The Civil War





For minorities, as for other Americans, the Civil War was an opportunity
to prove their valor and loyalty. Among the first mustered into the Union
Army were a De Kalb regiment of German American clerks, the
Garibakdi Guards made up of Italian Americans, a "Polish Legion," and
hundreds of Irish American youths form Boston and New York. But in
Ohio and Washington, D.C., African American volunteers were turned
away from recruiting stations and told, "This is a white man\'s war." Some
citizens questioned the loyalty of immigrants who lived in crowded city
tenements until an Italian American from Brooklyn turned that around. In
the New York Senate, Democrat Francis Spinola had been a vigorous
foe of Republican policies and Lincoln. But now he swore his loyalty with
stirring words, "This is my flag, which I will follow and defend." This
speech gave great assurance that the masses in the great cities were
devoted to the Union and ready to enlist for its defense. More than
400,000 European immigrants fought for the Union, including more than
170,00 Germans and more than 150,00 Irish. Many saw their services as
a proud sacrifice. The first officer to die for the Union was Captain
Constatin Blandowski, one of many immigrants who earlier had fought for
freedom in Europe and then joined Lincoln\'s army. Born in Upper Silesia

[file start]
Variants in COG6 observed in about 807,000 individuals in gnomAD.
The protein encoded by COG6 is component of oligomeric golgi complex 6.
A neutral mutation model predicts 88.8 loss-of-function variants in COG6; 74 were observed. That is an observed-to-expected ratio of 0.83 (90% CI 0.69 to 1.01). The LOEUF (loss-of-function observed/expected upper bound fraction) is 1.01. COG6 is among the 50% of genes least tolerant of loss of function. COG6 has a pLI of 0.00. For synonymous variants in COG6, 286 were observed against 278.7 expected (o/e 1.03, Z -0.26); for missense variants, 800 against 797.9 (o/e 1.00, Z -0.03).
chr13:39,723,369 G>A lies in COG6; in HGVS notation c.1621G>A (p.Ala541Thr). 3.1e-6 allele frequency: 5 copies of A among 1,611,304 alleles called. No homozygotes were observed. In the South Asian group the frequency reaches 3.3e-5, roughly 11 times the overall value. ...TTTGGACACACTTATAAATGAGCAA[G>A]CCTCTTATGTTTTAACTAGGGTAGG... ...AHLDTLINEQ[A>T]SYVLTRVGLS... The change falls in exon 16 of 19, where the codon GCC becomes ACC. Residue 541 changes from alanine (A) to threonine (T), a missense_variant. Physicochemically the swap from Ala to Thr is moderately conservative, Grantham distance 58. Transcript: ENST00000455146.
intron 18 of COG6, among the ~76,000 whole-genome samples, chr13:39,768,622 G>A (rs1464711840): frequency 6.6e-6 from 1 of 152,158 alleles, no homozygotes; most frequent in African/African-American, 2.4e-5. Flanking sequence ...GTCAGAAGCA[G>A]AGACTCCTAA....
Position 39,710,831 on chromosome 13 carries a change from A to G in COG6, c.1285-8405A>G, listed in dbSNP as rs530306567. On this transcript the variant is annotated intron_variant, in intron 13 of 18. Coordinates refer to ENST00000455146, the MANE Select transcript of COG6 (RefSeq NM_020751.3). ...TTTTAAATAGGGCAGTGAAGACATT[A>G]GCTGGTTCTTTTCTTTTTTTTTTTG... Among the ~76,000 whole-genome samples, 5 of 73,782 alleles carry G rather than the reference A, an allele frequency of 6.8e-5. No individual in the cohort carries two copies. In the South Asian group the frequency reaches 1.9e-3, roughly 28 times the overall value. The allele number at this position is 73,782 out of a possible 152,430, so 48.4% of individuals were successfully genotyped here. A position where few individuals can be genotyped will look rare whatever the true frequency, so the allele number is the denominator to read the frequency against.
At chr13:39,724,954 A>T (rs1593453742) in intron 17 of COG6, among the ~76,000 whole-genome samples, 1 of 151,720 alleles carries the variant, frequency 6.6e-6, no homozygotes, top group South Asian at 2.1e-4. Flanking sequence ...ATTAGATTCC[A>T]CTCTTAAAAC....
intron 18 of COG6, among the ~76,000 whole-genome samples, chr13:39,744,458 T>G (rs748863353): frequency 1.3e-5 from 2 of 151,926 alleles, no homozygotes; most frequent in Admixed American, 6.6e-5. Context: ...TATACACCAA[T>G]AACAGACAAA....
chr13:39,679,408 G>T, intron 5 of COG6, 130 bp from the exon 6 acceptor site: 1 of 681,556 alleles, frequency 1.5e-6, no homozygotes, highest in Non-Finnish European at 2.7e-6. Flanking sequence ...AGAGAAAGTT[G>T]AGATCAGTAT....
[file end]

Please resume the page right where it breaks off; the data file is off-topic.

and trained at Dresden, Germany, he was a veteran of democratic
struggles - a Polish revolt at Krakow, the Polish Legion\'s battles against
Austria, and the Hungarian fight for independence. Some nationalities
contributed more than their share of Union soldiers. Some immigrants
earned the Congressional Medal of Honor. Italian American officer Louis
di Cesnola, was the Colonel of the 4th Cavalry Regiment. At Aldie,
Virginia, in 1863, he earned the Medal of Honor and was appointed a
general. He charged unarmed at the foe, read his citation, "rallied his men
...until desperately wounded and taken prisoner in action." In 1879
Cesnola became director of New York\'s Metropolitan Museum of Art.
The museum then became, wrote a critic, "a monument to his energy,
enterprise, and rare executive skill." Italian American privates also won
the Medal of Honor. Joseph Sova of the 8th Cavalry earned it for
capturing the Confederate flag at Appomattox. Private Orlando Caruana
of the 51st Infantry won it at Newburn, North Carolina. With bullets
whizzing past him, he saved wounded men and rescued the U.S. flag. As
1865 came on, the feel of victory was in the Northern air. And so the
Civil War was over. Yet even the ending of the war did not bring real
peace. On Good Friday, April 14, 11 days after Union troops had
entered Richmond, an actor named John Wilkes Booth assassinated
Lincoln as the President watched a play from his box in Ford\'s Theater,
Washington, D.C. The one man who might have brought about a just
peace was dead. The Civil War had solved some old problems for the
United States. But it created some new problems as well. But many of the
problems created by the Civil War have been solved. Towns have been
rebuilt, new industries flourish, and new schools have been erected. Most
of the damage of war has been long repaired. North and South both
enjoy prosperity. But many of the human problems still remain. Essay
Data Section




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